Did you know there are only seven cities in Scotland? The country has barely 5 million people and if it were a State, it would be 41st in size.
Even though Scotland has fewer people than New York City, there are dozens of towns and hundreds of villages across the country. But in order to be considered a city in Scotland, the settlement must receive a royal charter. To date, only seven have qualified. You might think it would be fun to see all seven cities in Scotland when you visit, but some are better than others.
Perth is Scotland’s newest city, receiving its charter in 2012 for the Diamond Jubilee of Queen Elizabeth II (60 years as monarch). Perth is located about 45 miles north of Edinburgh. To be honest, I’ve never really visited Perth, although I’ve passed by it dozens of times in my travels. I once stopped for a nice hamburger there for dinner, but otherwise, I really don’t know of any attractions worth visiting. If you do end up there, I’d recommend visiting some of the other towns and villages in Perthshire (the County of Perth) such as Aberfoyle, Callander and Crieff.
Aberdeen, known as “Granite City” for its gray-stone buildings, is located on the coast of the north-eastern peninsula of Scotland. The city is huge in the petroleum industry and also has two universities. As such, it draws an international crowd, but not necessarily for sightseeing. It’s the third-largest city in Scotland, but there’s just not that much to do there. I’ve been through a few times and it just seems too industrial and drab for me. Sure, there are a couple points of interest like the 19th-century Marischal College, but if you want my opinion, skip Aberdeen for the last five cities on this list.
Dundee is another city close to Edinburgh, located only 25 miles east of Perth. In the past few years, Dundee has been getting a huge facelift. The V&A Dundee is the first design museum in Scotland and the building itself is a work of art, built on the harborfront. If you do visit Dundee, make sure you also take a day-trip to nearby St. Andrews to see the ruins of the castle and cathedral there, and have some of the best ice cream in Scotland.
Glasgow is the largest city in Scotland with over a million people. It’s also the industrial capital which would tend to put me off, but there are quite a few places worth visiting. My favorite is the Kelvingrove Park and the Kelvingrove Art Gallery and Museum. I’ve spent hours walking through this park, watching sunsets from the hill and running along the river in the center. Other attractions include the Necropolis (a massive cemetery on a hill), the University of Glasgow, George Square and every Rennie Mackintosh building. Glasgow is also the third UNESCO City of Music, and where you’ll want to head for concerts and performances.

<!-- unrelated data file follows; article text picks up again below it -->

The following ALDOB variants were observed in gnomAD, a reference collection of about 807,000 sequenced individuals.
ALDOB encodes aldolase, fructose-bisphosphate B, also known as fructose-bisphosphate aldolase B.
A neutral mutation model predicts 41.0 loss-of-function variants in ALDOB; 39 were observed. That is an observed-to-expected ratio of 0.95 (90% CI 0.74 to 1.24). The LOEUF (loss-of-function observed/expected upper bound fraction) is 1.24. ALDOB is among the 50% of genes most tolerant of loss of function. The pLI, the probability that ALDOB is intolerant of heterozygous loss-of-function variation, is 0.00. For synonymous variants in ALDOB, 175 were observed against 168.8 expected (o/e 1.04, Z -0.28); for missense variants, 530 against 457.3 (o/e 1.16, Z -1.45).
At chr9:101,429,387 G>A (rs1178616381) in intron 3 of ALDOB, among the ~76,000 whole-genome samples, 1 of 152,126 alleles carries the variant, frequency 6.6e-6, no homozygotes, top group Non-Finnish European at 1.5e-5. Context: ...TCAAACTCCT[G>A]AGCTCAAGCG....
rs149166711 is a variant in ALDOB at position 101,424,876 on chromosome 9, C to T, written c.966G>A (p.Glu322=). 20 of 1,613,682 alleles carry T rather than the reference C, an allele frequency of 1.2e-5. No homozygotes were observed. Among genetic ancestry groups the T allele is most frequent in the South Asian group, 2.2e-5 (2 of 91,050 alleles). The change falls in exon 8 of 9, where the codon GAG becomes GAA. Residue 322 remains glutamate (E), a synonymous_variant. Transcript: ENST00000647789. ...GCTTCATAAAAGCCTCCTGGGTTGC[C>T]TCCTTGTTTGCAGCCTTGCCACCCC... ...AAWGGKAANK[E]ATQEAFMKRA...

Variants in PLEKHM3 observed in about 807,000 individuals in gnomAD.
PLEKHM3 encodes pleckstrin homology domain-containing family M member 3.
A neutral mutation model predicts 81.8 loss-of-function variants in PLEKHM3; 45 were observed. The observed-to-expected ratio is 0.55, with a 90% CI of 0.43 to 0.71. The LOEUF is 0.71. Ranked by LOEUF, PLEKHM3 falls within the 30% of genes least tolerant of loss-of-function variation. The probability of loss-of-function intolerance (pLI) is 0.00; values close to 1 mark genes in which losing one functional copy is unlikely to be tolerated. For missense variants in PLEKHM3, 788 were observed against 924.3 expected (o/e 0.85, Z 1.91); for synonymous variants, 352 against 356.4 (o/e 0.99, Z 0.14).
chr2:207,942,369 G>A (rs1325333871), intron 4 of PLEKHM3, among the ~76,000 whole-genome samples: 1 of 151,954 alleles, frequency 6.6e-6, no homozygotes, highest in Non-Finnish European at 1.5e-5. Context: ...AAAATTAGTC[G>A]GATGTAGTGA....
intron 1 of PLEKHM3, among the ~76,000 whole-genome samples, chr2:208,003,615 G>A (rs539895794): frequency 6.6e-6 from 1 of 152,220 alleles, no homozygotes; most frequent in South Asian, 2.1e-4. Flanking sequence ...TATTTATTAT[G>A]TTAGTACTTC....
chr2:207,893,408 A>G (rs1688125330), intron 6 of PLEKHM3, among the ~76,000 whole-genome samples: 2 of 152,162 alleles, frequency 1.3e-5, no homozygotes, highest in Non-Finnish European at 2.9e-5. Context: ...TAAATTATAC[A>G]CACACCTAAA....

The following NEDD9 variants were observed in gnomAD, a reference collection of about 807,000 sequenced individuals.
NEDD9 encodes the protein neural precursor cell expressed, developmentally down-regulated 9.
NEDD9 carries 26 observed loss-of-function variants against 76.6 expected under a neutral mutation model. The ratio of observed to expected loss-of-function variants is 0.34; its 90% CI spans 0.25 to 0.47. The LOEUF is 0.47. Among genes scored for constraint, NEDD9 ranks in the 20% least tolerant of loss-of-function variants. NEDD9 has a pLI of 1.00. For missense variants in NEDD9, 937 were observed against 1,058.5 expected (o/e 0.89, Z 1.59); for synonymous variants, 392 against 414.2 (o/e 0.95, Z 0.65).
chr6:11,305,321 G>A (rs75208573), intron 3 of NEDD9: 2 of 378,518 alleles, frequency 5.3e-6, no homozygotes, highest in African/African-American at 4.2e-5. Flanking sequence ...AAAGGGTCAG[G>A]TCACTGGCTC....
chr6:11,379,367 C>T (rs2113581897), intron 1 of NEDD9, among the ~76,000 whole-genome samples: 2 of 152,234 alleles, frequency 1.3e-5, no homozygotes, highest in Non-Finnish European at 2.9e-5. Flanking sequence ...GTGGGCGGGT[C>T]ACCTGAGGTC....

Inverness is the northernmost city in Scotland, located at the top of Loch Ness (inver is Scottish for “mouth of a river”, and loch is Scottish for “lake”). I personally think of Inverness as a mini Edinburgh (it only has a tenth of Edinburgh’s population). There aren’t any particularly fascinating landmarks within the city other than one of the most beautiful bookstores in the world and Inverness Castle, but if you want a taste of the Scottish Highlands, definitely head to Inverness.
Stirling is the smallest city in Scotland with less than 40,000 people, but it’s also one of my favorites. You might recognize the name from Braveheart as William Wallace fought the Battle of Sterling, but the movie horribly portrayed the battle as it forgot to include the bridge that the battle was fought over. You can see the remnants of the bridge, Stirling Castle (one of the best castles to visit in Scotland), and the Wallace Monument. Stirling is only 35 miles from Edinburgh, making it a perfect day-trip if you have the time.
The capital of Scotland isn’t just my favorite city in the country, it’s my favorite in the world. This city has it all: two castles, the Queen’s palace, two extinct volcanoes, beaches, forests, Rosslyn Chapel (from “The Da Vinci Code”), a beautiful zoo, a world-class botanic garden, graveyards, third-wave cafes, the list goes on. Edinburgh is the birthplace of Harry Potter, the world’s first UNESCO City of Literature, and is home to the Edinburgh Fringe (the largest art festival in the world). I wouldn’t just say you have to visit Edinburgh when going to Scotland; you need to visit Edinburgh if you’re going to travel at all!